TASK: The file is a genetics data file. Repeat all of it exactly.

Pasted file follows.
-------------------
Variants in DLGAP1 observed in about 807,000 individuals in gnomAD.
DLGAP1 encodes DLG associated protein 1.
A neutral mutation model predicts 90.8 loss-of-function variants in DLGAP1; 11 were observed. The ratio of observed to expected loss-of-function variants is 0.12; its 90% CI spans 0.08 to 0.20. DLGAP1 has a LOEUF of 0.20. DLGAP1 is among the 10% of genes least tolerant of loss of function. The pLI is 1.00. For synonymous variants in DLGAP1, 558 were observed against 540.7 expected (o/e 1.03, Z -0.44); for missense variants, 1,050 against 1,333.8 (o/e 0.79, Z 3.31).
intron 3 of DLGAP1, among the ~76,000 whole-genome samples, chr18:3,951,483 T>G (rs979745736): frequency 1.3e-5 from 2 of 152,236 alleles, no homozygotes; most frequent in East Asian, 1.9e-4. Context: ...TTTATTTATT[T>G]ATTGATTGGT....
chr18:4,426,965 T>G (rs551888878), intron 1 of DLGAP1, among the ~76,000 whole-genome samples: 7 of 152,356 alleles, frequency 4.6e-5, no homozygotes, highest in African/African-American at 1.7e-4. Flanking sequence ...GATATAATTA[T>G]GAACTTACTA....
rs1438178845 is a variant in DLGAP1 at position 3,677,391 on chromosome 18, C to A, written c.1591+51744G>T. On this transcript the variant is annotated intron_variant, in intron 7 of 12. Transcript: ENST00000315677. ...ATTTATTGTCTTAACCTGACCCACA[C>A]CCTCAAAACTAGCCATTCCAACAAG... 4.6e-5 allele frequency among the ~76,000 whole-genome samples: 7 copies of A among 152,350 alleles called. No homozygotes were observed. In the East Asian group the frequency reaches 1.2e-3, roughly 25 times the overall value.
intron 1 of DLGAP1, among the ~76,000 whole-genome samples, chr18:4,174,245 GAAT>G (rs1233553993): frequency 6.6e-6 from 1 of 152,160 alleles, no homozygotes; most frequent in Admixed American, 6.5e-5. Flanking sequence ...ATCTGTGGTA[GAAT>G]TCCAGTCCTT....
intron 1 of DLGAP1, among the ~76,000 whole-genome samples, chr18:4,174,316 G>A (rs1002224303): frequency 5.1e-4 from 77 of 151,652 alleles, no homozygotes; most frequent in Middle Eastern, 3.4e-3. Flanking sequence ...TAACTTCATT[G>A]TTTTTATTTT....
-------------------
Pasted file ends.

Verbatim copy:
Variants in DLGAP1 observed in about 807,000 individuals in gnomAD.
DLGAP1 encodes DLG associated protein 1.
A neutral mutation model predicts 90.8 loss-of-function variants in DLGAP1; 11 were observed. The ratio of observed to expected loss-of-function variants is 0.12; its 90% CI spans 0.08 to 0.20. DLGAP1 has a LOEUF of 0.20. DLGAP1 is among the 10% of genes least tolerant of loss of function. The pLI is 1.00. For synonymous variants in DLGAP1, 558 were observed against 540.7 expected (o/e 1.03, Z -0.44); for missense variants, 1,050 against 1,333.8 (o/e 0.79, Z 3.31).
intron 3 of DLGAP1, among the ~76,000 whole-genome samples, chr18:3,951,483 T>G (rs979745736): frequency 1.3e-5 from 2 of 152,236 alleles, no homozygotes; most frequent in East Asian, 1.9e-4. Context: ...TTTATTTATT[T>G]ATTGATTGGT....
chr18:4,426,965 T>G (rs551888878), intron 1 of DLGAP1, among the ~76,000 whole-genome samples: 7 of 152,356 alleles, frequency 4.6e-5, no homozygotes, highest in African/African-American at 1.7e-4. Flanking sequence ...GATATAATTA[T>G]GAACTTACTA....
rs1438178845 is a variant in DLGAP1 at position 3,677,391 on chromosome 18, C to A, written c.1591+51744G>T. On this transcript the variant is annotated intron_variant, in intron 7 of 12. Transcript: ENST00000315677. ...ATTTATTGTCTTAACCTGACCCACA[C>A]CCTCAAAACTAGCCATTCCAACAAG... 4.6e-5 allele frequency among the ~76,000 whole-genome samples: 7 copies of A among 152,350 alleles called. No homozygotes were observed. In the East Asian group the frequency reaches 1.2e-3, roughly 25 times the overall value.
intron 1 of DLGAP1, among the ~76,000 whole-genome samples, chr18:4,174,245 GAAT>G (rs1233553993): frequency 6.6e-6 from 1 of 152,160 alleles, no homozygotes; most frequent in Admixed American, 6.5e-5. Flanking sequence ...ATCTGTGGTA[GAAT>G]TCCAGTCCTT....
intron 1 of DLGAP1, among the ~76,000 whole-genome samples, chr18:4,174,316 G>A (rs1002224303): frequency 5.1e-4 from 77 of 151,652 alleles, no homozygotes; most frequent in Middle Eastern, 3.4e-3. Flanking sequence ...TAACTTCATT[G>A]TTTTTATTTT....